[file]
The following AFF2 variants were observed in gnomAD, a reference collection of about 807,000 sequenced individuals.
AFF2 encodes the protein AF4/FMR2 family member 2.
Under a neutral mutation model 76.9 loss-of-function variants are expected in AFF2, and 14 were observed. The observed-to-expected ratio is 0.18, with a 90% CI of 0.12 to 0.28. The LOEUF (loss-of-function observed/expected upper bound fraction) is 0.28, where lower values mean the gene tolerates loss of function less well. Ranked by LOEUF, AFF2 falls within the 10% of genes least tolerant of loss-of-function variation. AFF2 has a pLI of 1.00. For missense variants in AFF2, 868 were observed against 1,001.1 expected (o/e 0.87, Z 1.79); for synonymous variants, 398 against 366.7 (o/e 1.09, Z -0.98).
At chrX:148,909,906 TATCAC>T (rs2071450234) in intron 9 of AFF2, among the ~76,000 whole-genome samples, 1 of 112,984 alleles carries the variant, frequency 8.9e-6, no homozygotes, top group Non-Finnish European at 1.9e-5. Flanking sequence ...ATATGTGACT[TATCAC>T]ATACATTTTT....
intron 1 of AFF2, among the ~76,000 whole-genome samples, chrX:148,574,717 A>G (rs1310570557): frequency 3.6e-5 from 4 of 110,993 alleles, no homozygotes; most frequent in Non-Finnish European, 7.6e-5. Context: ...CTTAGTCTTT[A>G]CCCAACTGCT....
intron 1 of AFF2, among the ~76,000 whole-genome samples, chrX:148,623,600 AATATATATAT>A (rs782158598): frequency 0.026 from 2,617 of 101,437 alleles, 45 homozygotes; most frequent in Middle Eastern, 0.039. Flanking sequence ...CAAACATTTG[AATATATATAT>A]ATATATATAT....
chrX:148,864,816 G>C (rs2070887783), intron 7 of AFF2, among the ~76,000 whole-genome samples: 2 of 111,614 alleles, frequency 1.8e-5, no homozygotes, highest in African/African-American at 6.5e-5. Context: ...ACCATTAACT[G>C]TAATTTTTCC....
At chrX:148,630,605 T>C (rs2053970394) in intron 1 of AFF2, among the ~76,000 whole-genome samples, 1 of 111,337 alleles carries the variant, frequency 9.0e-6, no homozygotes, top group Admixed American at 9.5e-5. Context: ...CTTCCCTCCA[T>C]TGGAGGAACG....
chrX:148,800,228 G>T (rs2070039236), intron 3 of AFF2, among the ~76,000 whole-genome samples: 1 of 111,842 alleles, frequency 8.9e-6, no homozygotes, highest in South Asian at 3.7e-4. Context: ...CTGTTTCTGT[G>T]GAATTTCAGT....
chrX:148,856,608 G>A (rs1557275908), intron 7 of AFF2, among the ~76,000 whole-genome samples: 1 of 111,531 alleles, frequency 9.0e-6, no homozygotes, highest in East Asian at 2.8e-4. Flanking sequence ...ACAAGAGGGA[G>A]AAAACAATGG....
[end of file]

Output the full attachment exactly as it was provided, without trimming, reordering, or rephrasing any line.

The following AFF2 variants were observed in gnomAD, a reference collection of about 807,000 sequenced individuals.
AFF2 encodes the protein AF4/FMR2 family member 2.
Under a neutral mutation model 76.9 loss-of-function variants are expected in AFF2, and 14 were observed. The observed-to-expected ratio is 0.18, with a 90% CI of 0.12 to 0.28. The LOEUF (loss-of-function observed/expected upper bound fraction) is 0.28, where lower values mean the gene tolerates loss of function less well. Ranked by LOEUF, AFF2 falls within the 10% of genes least tolerant of loss-of-function variation. AFF2 has a pLI of 1.00. For missense variants in AFF2, 868 were observed against 1,001.1 expected (o/e 0.87, Z 1.79); for synonymous variants, 398 against 366.7 (o/e 1.09, Z -0.98).
At chrX:148,909,906 TATCAC>T (rs2071450234) in intron 9 of AFF2, among the ~76,000 whole-genome samples, 1 of 112,984 alleles carries the variant, frequency 8.9e-6, no homozygotes, top group Non-Finnish European at 1.9e-5. Flanking sequence ...ATATGTGACT[TATCAC>T]ATACATTTTT....
intron 1 of AFF2, among the ~76,000 whole-genome samples, chrX:148,574,717 A>G (rs1310570557): frequency 3.6e-5 from 4 of 110,993 alleles, no homozygotes; most frequent in Non-Finnish European, 7.6e-5. Context: ...CTTAGTCTTT[A>G]CCCAACTGCT....
intron 1 of AFF2, among the ~76,000 whole-genome samples, chrX:148,623,600 AATATATATAT>A (rs782158598): frequency 0.026 from 2,617 of 101,437 alleles, 45 homozygotes; most frequent in Middle Eastern, 0.039. Flanking sequence ...CAAACATTTG[AATATATATAT>A]ATATATATAT....
chrX:148,864,816 G>C (rs2070887783), intron 7 of AFF2, among the ~76,000 whole-genome samples: 2 of 111,614 alleles, frequency 1.8e-5, no homozygotes, highest in African/African-American at 6.5e-5. Context: ...ACCATTAACT[G>C]TAATTTTTCC....
At chrX:148,630,605 T>C (rs2053970394) in intron 1 of AFF2, among the ~76,000 whole-genome samples, 1 of 111,337 alleles carries the variant, frequency 9.0e-6, no homozygotes, top group Admixed American at 9.5e-5. Context: ...CTTCCCTCCA[T>C]TGGAGGAACG....
chrX:148,800,228 G>T (rs2070039236), intron 3 of AFF2, among the ~76,000 whole-genome samples: 1 of 111,842 alleles, frequency 8.9e-6, no homozygotes, highest in South Asian at 3.7e-4. Context: ...CTGTTTCTGT[G>T]GAATTTCAGT....
chrX:148,856,608 G>A (rs1557275908), intron 7 of AFF2, among the ~76,000 whole-genome samples: 1 of 111,531 alleles, frequency 9.0e-6, no homozygotes, highest in East Asian at 2.8e-4. Flanking sequence ...ACAAGAGGGA[G>A]AAAACAATGG....